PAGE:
Pretty good reading weekend. I ended up skipping the Robert E. Howard chapter of E. Hoffman Price's The Book of the Dead to read the chapter about Clark Ashton Smith. Figured I'd save the Howard chapter for a rainy day, and besides, having only recently become enamored of Smith's work, I was curious about his life. The Smith chapter is a treasure trove of information because Smith and Price became good friends and Price visited Smith several times over the years.
Price paints a portrait of a man who lived in the here and now as much as in the strange realms of weird fiction. Unlike his fellow writers H.P. Lovecraft and Robert E. Howard who were very much dreamers, Smith wrote because he enjoyed it, but he also worked regular jobs to support himself and his aging parents. And when I say regular, I mean regular. He dug wells, He picked fruit in the southern California area where he lived. He and in his parents lived in a rough wood frame house in the middle of 40 acres of property in the California hills. They used a deep well as a refrigerator and cooked on a wood burning stove. Smith seemed fine with his rustic surroundings and spent what time he wasn't doing backbreaking labor turning out poetry, water color paintings, sculptures, and of course, some of the most Byzantine and literary prose to ever grace the pages of the pulp magazine Weird Tales.
I decided it was time to break into my rainy day stash of books, so I read Robert B. Parker's Resolution. This is a western, a sequel to his novel Appaloosa. I loved Appaloosa, considering it one of Parker's best, so I was a little concerned that Resolution wouldn't measure up. It does and it doesn't. The first half of the book is very good, but then it hits a midpoint slump and never really recovers. The ending is rushed and anticlimactic, almost as if Parker had hit chapter 30 of a 35 chapter book and though, "Jeez, I better pull this together and finish it." This is often a problem with Parker, so I suspect he does just that. However the dialogue, as always, sparkles, and the action is first rate. If Parker's cowboys get a bit existential at times, he makes up for it with their willingness to kill. For the most part, these are not nice guys.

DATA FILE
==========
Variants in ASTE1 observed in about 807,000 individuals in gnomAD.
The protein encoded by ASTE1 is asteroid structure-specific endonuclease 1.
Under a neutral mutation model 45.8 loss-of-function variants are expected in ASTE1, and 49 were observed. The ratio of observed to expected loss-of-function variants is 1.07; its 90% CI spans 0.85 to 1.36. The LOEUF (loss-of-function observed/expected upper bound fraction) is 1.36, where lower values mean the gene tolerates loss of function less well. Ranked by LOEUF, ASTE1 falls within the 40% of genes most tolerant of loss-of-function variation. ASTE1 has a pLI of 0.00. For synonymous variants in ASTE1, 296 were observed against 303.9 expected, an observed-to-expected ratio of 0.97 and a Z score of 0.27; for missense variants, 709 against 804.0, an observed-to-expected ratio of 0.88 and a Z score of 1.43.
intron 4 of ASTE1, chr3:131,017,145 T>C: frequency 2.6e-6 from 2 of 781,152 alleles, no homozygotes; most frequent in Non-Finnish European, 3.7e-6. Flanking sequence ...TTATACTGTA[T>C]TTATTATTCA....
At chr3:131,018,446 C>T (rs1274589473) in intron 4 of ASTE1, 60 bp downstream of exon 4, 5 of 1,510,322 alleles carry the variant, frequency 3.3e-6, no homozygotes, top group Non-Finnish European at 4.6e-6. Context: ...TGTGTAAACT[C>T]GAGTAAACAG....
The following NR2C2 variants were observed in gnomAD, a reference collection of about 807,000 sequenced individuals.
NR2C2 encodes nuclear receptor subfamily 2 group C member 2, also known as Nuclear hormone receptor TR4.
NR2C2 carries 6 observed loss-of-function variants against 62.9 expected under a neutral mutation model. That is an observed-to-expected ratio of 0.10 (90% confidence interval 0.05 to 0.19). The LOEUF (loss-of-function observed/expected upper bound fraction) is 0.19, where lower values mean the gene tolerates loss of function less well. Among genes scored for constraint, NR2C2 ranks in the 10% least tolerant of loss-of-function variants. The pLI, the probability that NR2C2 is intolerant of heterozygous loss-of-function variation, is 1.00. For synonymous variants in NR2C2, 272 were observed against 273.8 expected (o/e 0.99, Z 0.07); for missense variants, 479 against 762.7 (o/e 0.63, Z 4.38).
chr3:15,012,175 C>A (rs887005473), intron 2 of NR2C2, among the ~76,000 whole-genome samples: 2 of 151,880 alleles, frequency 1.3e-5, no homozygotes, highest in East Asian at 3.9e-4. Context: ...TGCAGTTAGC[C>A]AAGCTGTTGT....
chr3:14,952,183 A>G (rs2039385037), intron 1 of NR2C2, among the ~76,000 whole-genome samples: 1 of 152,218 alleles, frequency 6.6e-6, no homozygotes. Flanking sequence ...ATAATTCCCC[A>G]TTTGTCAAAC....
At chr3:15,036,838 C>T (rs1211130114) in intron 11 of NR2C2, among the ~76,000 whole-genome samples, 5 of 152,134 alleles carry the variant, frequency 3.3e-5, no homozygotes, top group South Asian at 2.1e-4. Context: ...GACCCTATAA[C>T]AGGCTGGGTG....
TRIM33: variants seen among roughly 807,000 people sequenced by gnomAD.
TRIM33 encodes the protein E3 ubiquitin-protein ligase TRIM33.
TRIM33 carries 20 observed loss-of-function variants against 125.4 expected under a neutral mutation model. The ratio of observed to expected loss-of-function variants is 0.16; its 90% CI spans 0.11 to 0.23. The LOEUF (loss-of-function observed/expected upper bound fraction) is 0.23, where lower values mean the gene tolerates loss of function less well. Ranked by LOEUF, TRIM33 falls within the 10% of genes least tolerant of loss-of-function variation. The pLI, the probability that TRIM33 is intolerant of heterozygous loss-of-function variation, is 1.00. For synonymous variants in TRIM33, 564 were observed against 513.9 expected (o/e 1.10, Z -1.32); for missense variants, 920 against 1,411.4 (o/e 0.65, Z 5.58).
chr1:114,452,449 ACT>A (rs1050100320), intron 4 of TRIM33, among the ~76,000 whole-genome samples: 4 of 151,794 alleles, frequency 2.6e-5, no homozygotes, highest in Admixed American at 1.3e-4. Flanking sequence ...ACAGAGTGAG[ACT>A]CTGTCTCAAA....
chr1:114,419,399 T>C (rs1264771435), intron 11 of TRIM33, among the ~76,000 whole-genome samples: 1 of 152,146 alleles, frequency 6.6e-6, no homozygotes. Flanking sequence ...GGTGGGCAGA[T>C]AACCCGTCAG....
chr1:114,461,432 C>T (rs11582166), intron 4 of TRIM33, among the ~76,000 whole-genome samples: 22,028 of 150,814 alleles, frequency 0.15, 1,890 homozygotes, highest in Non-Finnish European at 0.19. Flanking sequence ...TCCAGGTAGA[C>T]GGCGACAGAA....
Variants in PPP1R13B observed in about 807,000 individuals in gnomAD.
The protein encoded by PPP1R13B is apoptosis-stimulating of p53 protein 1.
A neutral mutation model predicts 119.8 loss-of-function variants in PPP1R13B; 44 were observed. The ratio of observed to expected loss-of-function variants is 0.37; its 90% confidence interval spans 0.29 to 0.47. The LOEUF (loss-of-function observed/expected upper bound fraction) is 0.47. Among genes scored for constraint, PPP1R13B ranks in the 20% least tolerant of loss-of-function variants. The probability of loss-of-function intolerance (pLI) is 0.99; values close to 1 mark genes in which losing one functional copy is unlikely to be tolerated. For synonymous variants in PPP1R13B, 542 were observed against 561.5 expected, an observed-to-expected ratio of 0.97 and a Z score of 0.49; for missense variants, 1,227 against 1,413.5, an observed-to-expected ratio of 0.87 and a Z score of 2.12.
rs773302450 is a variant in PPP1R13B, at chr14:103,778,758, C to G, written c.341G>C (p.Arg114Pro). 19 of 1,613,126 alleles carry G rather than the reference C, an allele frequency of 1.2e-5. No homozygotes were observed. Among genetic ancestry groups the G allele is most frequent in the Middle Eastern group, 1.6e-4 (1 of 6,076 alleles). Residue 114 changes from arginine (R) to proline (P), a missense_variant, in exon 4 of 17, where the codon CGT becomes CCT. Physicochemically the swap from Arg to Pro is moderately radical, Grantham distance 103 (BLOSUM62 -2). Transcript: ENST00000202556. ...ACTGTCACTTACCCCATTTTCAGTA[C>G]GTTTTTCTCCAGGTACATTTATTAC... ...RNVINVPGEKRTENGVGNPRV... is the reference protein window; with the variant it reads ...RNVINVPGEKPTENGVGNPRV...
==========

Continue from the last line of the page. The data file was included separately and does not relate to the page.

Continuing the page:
In fact this may be the first western I've come across to make me really stop and think of what life would have been like when most people went around armed and you often could kill without being arrested because there was no law in many western towns.
Then I switched to F. Paul Wilson's Repairman Jack novel, All the Rage. It seems there's a new drug on the street, known as Berzerk. Berzerk heightens aggression, giving athletes and other competitive types an edge in their endeavors. Problem is, if you take too much it turns you into a violent psycho with absolutely no self control. All around the city, people are going into fits of uncontrollable rage and committing shocking acts of violence. None of this would be Jack's problem except that he's been hired to look into a seemingly reputable business man's connection with a Serbian drug lord who is the main distributor of, you guessed it, Berzerk.
Of course being a Repairman Jack novel there turns out to be some supernatural element, several in fact, and Jack is soon in over his head with gunmen, monsters, and a weird traveling carnival that would give Ray Bradbury nightmares. And if I'm not mistaken, there appears to be a connection to Wilson's Adversary books too. I'm about halfway through All the Rage and enjoying it immensely. I'm fortunate in that I discovered Jack after Wilson had already written more than a dozen books about him, but I still have to space them out. Otherwise I'd just burn through them all as I've done with so many authors in the past.